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Home > Financial Stability > Financial Stability Paper No. 41: Gauging market dynamics using trade repository data: the case of the Swiss franc de-pegging – Olga Cielinska, Andreas Joseph, Ujwal Shreyas, John Tanner and Michalis Vasios
 

Financial Stability Paper No. 41: Gauging market dynamics using trade repository data: the case of the Swiss franc de-pegging – Olga Cielinska, Andreas Joseph, Ujwal Shreyas, John Tanner and Michalis Vasios

06 January 2017

Financial Stability Paper No. 41: Gauging market dynamics using trade repository data: the case of the Swiss franc de-pegging
Olga Cielinska, Andreas Joseph, Ujwal Shreyas, John Tanner and Michalis Vasios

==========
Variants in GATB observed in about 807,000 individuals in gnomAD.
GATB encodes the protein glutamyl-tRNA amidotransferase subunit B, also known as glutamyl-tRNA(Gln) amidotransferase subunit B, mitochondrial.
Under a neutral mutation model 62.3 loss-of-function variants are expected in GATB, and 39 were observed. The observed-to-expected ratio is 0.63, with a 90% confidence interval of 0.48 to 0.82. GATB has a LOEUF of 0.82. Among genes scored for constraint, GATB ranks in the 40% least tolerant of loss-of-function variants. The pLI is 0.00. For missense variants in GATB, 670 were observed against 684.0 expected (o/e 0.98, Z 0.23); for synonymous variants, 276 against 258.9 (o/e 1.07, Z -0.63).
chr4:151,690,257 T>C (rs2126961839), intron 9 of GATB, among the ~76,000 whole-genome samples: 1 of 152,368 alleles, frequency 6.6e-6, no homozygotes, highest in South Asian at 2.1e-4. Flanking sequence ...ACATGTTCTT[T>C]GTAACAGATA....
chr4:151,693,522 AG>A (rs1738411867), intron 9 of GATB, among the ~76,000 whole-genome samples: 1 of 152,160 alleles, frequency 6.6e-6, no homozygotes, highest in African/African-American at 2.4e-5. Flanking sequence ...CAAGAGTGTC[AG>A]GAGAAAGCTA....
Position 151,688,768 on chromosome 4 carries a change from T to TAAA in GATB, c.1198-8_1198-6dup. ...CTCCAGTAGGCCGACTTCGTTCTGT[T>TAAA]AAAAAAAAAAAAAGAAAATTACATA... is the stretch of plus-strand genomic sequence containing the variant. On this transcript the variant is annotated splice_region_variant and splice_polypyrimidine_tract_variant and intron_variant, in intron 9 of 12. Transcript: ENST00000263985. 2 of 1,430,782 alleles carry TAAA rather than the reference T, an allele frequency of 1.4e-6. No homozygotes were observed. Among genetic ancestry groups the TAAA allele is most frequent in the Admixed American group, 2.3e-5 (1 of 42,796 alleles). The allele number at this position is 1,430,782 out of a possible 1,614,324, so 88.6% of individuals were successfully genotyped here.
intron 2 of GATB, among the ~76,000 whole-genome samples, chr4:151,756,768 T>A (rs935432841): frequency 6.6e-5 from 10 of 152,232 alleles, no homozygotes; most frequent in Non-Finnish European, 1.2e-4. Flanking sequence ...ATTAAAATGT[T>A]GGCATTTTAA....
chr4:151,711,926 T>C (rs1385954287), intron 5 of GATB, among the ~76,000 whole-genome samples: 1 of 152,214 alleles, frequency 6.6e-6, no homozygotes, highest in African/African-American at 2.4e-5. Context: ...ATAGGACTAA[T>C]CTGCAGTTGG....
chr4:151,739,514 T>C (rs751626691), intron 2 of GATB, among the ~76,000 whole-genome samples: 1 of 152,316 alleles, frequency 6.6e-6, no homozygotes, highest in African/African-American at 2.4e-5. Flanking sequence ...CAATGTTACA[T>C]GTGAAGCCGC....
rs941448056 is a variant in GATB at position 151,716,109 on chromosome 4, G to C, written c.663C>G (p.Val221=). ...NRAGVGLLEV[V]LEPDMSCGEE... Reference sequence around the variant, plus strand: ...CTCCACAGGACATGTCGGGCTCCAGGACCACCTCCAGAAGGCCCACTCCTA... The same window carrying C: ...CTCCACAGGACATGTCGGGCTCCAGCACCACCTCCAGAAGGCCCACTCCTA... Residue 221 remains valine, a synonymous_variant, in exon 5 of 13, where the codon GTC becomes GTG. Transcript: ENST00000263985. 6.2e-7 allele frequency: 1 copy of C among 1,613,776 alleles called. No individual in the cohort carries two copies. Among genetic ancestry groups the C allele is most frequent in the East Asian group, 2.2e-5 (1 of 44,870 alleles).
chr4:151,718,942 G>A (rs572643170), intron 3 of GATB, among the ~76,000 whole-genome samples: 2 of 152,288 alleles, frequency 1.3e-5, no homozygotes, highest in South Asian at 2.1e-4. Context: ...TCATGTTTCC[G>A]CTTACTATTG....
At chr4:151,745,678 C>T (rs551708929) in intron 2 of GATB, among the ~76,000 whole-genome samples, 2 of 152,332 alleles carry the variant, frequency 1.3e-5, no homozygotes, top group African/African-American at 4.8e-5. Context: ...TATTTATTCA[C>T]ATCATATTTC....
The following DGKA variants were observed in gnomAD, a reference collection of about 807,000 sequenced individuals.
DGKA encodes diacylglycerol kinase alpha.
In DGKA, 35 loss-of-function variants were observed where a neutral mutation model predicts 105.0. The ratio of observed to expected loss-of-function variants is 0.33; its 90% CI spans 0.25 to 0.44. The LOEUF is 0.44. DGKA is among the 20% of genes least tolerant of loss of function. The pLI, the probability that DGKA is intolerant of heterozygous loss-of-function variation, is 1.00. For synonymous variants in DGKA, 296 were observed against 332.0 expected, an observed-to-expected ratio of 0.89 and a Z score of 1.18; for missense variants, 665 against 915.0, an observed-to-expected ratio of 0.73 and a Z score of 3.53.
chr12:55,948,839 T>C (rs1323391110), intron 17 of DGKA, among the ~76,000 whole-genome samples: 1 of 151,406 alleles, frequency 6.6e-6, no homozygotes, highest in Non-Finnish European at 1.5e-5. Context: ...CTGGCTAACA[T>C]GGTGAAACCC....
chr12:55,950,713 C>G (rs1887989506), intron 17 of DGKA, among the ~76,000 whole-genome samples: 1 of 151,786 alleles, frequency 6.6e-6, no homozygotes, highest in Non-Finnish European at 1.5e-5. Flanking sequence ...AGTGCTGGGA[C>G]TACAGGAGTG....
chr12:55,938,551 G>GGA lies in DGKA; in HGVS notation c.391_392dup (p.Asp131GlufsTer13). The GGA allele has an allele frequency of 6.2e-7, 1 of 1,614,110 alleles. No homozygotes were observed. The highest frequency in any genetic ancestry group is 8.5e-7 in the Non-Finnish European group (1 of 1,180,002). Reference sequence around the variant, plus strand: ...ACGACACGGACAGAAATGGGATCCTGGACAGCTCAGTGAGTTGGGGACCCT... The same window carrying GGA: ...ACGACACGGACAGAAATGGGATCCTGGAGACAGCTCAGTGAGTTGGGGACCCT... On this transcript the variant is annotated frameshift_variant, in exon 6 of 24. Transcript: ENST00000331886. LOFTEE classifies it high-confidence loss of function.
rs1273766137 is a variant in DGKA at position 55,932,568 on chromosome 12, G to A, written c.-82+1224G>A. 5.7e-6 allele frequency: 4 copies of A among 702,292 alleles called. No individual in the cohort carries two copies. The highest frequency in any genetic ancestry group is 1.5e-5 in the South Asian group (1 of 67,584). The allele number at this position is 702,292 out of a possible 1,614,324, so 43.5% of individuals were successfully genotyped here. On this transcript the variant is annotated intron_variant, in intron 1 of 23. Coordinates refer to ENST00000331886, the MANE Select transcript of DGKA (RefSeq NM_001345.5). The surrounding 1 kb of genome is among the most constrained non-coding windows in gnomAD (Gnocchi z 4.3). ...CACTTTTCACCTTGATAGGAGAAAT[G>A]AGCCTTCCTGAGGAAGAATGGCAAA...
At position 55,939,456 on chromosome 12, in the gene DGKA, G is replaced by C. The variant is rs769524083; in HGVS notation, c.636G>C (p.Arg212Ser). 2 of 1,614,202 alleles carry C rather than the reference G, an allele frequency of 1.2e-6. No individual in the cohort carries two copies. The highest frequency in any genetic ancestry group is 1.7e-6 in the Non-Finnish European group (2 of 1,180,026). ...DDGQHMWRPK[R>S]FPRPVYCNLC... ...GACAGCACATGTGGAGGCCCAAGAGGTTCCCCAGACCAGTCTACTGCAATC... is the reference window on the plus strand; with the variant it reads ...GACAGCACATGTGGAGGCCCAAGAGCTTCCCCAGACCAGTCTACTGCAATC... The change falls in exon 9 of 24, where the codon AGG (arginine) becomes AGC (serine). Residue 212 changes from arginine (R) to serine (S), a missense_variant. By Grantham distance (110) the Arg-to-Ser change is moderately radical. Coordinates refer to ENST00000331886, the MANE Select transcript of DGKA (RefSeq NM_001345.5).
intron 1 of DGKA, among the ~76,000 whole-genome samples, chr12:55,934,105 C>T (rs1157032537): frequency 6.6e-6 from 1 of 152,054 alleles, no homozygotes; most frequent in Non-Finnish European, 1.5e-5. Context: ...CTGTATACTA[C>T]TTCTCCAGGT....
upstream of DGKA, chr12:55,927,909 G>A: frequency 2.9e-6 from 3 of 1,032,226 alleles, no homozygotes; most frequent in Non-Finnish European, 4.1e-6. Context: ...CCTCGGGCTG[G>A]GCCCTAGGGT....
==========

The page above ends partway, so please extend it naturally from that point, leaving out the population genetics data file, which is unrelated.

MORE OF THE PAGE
The Bank of England (“the Bank”) has access to some of the granular transaction level data resulting from EMIR trade reports. The velocity, granularity and richness of this dataset puts it in the realm of Big Data in the derivatives market, which brings with it its own set of challenges. These data have a number of potential uses in monitoring the market and helping to set policy. But these uses are only possible if the data are both accurate and complete on the one hand and we are able to analyse them effectively on the other. To help determine the status of these factors, we carry out a study of an external event to see how it was represented in the data. A suitable event was identified in the decision of the Swiss National Bank to discontinue the Swiss franc’s floor of 1.20 Swiss francs per euro on the morning of 15 January 2015. This was expected to show a number of effects in the Swiss franc foreign exchange over-the-counter (FX OTC) derivatives market. The removal of the floor led to extreme price moves in the forwards market, similar to those observed in the spot market, while trading in the Swiss franc options market was practically halted. We find evidence that the rapid intraday price fluctuation was associated with poor underlying market liquidity conditions, in particular the limited provision of liquidity by dealer banks in the first hour after the event. Looking at longer-term effects, we observe a reduced level of liquidity, associated with an increased level of market fragmentation, higher market volatility and an increase in the degree of collateralisation in the weeks following the event. It is worth noting that whilst we analyse the impact of the event on the market and its visibility in the data, we are not commenting on the SNB’s policy decision itself.
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